Jesuits serving as witness in South Sudan

You Shall Be My Witnesses’

The 10th October is the feast of St Daniel Comboni, an Italian missionary and one of the first to come to Sudan. He was the only surviving child of a family of 8. He endured the judgement of many for leaving his aging parents to follow a deep conviction to dedicate his life in service to the people of Africa. Like so many before him, he died young (aged 50 years) during a cholera epidemic, but not before leaving an amazing legacy of love and service which lives on to this day in South Sudan. On his feast day, the Cathedral of St Teresa’s in the Archdiocese of Juba was filled with people who came to honour him. His legacy is in education, in championing the role of women and the laity in an inclusive, expansive vision of Church. He is seen as an honorary patron saint of South Sudan. Today his feast was celebrated all over the country. The strength of this evenings gathering is a testament to the power of one person’s response to the call to be witness to the love of God, a witness that has gone on to inspire generations later.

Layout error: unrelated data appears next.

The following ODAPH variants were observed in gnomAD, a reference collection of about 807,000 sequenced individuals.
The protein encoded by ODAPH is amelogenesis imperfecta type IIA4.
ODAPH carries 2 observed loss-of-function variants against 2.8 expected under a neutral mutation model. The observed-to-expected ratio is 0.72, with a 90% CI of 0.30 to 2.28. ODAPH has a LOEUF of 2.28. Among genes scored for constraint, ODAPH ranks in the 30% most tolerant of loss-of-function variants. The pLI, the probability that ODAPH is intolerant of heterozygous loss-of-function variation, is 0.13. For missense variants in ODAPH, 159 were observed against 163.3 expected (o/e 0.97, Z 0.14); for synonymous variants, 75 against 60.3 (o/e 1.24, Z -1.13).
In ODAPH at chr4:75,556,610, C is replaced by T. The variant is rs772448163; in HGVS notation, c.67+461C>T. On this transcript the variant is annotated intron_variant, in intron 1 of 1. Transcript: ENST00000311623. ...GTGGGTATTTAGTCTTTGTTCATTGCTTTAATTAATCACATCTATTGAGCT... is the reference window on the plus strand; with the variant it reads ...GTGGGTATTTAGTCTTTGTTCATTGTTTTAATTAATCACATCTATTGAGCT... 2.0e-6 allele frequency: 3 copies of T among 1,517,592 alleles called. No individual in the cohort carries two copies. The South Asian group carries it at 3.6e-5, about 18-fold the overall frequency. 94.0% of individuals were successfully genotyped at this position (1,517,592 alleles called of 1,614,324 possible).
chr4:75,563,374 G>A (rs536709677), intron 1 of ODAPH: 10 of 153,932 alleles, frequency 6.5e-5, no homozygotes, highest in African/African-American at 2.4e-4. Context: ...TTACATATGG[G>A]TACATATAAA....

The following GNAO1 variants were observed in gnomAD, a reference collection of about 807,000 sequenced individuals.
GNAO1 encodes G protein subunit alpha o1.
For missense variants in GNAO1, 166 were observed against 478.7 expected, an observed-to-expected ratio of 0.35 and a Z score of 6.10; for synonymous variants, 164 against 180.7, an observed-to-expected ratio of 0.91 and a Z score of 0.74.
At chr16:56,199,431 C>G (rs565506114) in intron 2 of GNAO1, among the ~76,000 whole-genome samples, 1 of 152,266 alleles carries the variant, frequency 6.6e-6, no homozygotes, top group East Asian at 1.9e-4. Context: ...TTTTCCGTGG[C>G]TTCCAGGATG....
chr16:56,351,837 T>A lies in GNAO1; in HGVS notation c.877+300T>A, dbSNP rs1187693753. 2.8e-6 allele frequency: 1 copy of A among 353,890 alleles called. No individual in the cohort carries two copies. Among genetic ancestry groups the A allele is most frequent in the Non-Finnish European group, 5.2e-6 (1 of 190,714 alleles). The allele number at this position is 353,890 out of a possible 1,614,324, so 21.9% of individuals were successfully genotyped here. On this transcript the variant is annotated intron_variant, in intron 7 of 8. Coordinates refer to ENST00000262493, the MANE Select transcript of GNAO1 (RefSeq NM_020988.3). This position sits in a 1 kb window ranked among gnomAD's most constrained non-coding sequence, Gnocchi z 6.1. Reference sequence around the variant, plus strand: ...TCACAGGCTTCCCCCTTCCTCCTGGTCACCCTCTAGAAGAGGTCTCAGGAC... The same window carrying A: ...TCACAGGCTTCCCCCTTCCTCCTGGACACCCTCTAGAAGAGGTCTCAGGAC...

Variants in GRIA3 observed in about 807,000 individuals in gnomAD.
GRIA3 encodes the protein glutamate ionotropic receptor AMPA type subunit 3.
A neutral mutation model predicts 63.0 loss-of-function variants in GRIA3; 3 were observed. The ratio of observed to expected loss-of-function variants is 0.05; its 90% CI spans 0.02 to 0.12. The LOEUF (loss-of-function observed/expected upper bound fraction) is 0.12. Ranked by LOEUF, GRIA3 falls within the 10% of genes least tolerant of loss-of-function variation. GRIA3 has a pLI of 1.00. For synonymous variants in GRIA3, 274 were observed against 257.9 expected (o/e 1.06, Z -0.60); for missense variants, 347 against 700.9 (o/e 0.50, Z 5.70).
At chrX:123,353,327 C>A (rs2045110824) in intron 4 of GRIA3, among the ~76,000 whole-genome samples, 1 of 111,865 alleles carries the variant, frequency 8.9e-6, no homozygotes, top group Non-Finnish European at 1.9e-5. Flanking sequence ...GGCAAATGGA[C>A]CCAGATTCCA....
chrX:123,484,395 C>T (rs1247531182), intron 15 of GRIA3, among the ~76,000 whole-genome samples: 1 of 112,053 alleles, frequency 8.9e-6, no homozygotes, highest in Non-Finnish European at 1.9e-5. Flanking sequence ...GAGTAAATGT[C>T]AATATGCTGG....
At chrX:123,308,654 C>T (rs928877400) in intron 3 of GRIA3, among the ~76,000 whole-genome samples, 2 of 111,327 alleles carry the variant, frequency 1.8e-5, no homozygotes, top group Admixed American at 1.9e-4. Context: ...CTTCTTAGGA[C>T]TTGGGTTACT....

With the support of Irish Jesuits International, we as Jesuit Refugee Service (JRS) have an important and valued presence in South Sudan. One of these is in Maban County, Upper Nile State where we have a teacher training, occupational and physiotherapy programme, services to the refugee and local host community and provide various supports to local schools. JRS Maban also supports the local parish and provides pastoral accompaniment to many in the absence of a parish priest. Maban which is a very isolated and deprived area bordering Sudan and Ethiopia where approx. 160,000 refugees and 60,000 local people live very simple and precarious lives.